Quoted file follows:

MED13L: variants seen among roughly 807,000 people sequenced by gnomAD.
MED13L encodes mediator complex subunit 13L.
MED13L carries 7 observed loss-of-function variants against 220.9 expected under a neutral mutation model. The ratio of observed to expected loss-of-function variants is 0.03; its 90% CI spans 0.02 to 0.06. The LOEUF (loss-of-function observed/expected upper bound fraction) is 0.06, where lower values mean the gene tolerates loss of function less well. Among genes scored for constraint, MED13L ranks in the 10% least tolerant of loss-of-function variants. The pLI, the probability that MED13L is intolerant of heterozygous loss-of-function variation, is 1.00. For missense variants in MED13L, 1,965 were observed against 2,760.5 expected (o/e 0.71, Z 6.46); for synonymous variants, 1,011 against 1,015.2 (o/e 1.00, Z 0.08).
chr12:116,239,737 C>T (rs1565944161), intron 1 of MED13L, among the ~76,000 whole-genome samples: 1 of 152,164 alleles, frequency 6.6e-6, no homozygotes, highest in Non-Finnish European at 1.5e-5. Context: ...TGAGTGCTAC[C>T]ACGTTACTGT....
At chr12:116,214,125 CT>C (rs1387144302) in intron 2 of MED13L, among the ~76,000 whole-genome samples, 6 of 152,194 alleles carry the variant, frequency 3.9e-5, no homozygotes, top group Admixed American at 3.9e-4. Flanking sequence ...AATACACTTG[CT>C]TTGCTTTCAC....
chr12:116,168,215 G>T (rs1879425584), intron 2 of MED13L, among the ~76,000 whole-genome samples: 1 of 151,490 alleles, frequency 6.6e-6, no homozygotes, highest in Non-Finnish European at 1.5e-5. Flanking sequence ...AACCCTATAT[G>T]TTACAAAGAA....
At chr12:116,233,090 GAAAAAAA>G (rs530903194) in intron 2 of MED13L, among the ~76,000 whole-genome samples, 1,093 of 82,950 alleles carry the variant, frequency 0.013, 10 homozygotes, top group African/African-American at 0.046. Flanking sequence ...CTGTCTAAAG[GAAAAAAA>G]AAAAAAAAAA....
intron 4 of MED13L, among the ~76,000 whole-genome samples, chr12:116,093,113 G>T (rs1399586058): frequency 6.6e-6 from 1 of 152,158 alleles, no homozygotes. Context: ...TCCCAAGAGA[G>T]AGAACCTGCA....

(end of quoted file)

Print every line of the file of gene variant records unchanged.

MED13L: variants seen among roughly 807,000 people sequenced by gnomAD.
MED13L encodes mediator complex subunit 13L.
MED13L carries 7 observed loss-of-function variants against 220.9 expected under a neutral mutation model. The ratio of observed to expected loss-of-function variants is 0.03; its 90% CI spans 0.02 to 0.06. The LOEUF (loss-of-function observed/expected upper bound fraction) is 0.06, where lower values mean the gene tolerates loss of function less well. Among genes scored for constraint, MED13L ranks in the 10% least tolerant of loss-of-function variants. The pLI, the probability that MED13L is intolerant of heterozygous loss-of-function variation, is 1.00. For missense variants in MED13L, 1,965 were observed against 2,760.5 expected (o/e 0.71, Z 6.46); for synonymous variants, 1,011 against 1,015.2 (o/e 1.00, Z 0.08).
chr12:116,239,737 C>T (rs1565944161), intron 1 of MED13L, among the ~76,000 whole-genome samples: 1 of 152,164 alleles, frequency 6.6e-6, no homozygotes, highest in Non-Finnish European at 1.5e-5. Context: ...TGAGTGCTAC[C>T]ACGTTACTGT....
At chr12:116,214,125 CT>C (rs1387144302) in intron 2 of MED13L, among the ~76,000 whole-genome samples, 6 of 152,194 alleles carry the variant, frequency 3.9e-5, no homozygotes, top group Admixed American at 3.9e-4. Flanking sequence ...AATACACTTG[CT>C]TTGCTTTCAC....
chr12:116,168,215 G>T (rs1879425584), intron 2 of MED13L, among the ~76,000 whole-genome samples: 1 of 151,490 alleles, frequency 6.6e-6, no homozygotes, highest in Non-Finnish European at 1.5e-5. Flanking sequence ...AACCCTATAT[G>T]TTACAAAGAA....
At chr12:116,233,090 GAAAAAAA>G (rs530903194) in intron 2 of MED13L, among the ~76,000 whole-genome samples, 1,093 of 82,950 alleles carry the variant, frequency 0.013, 10 homozygotes, top group African/African-American at 0.046. Flanking sequence ...CTGTCTAAAG[GAAAAAAA>G]AAAAAAAAAA....
intron 4 of MED13L, among the ~76,000 whole-genome samples, chr12:116,093,113 G>T (rs1399586058): frequency 6.6e-6 from 1 of 152,158 alleles, no homozygotes. Context: ...TCCCAAGAGA[G>T]AGAACCTGCA....